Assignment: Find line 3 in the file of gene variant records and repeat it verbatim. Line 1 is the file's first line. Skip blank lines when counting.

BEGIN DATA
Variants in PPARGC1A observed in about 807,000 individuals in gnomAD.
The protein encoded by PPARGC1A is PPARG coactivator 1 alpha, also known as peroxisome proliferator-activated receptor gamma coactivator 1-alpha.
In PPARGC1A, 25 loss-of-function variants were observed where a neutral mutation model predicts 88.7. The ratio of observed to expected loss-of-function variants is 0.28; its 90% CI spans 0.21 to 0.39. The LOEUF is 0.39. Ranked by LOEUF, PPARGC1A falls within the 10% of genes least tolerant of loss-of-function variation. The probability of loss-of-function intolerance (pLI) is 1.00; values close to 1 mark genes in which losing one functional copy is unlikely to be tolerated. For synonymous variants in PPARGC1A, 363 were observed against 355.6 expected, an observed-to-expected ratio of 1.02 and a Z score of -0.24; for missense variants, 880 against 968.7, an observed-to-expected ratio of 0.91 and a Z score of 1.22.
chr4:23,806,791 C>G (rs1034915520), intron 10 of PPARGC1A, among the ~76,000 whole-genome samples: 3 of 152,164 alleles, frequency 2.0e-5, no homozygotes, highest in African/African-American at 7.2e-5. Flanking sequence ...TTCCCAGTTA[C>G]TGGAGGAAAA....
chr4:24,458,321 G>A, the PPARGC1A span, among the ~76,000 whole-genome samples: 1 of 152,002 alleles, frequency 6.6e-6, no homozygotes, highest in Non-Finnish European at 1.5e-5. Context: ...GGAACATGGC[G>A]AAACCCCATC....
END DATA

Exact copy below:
In PPARGC1A, 25 loss-of-function variants were observed where a neutral mutation model predicts 88.7. The ratio of observed to expected loss-of-function variants is 0.28; its 90% CI spans 0.21 to 0.39. The LOEUF is 0.39. Ranked by LOEUF, PPARGC1A falls within the 10% of genes least tolerant of loss-of-function variation. The probability of loss-of-function intolerance (pLI) is 1.00; values close to 1 mark genes in which losing one functional copy is unlikely to be tolerated. For synonymous variants in PPARGC1A, 363 were observed against 355.6 expected, an observed-to-expected ratio of 1.02 and a Z score of -0.24; for missense variants, 880 against 968.7, an observed-to-expected ratio of 0.91 and a Z score of 1.22.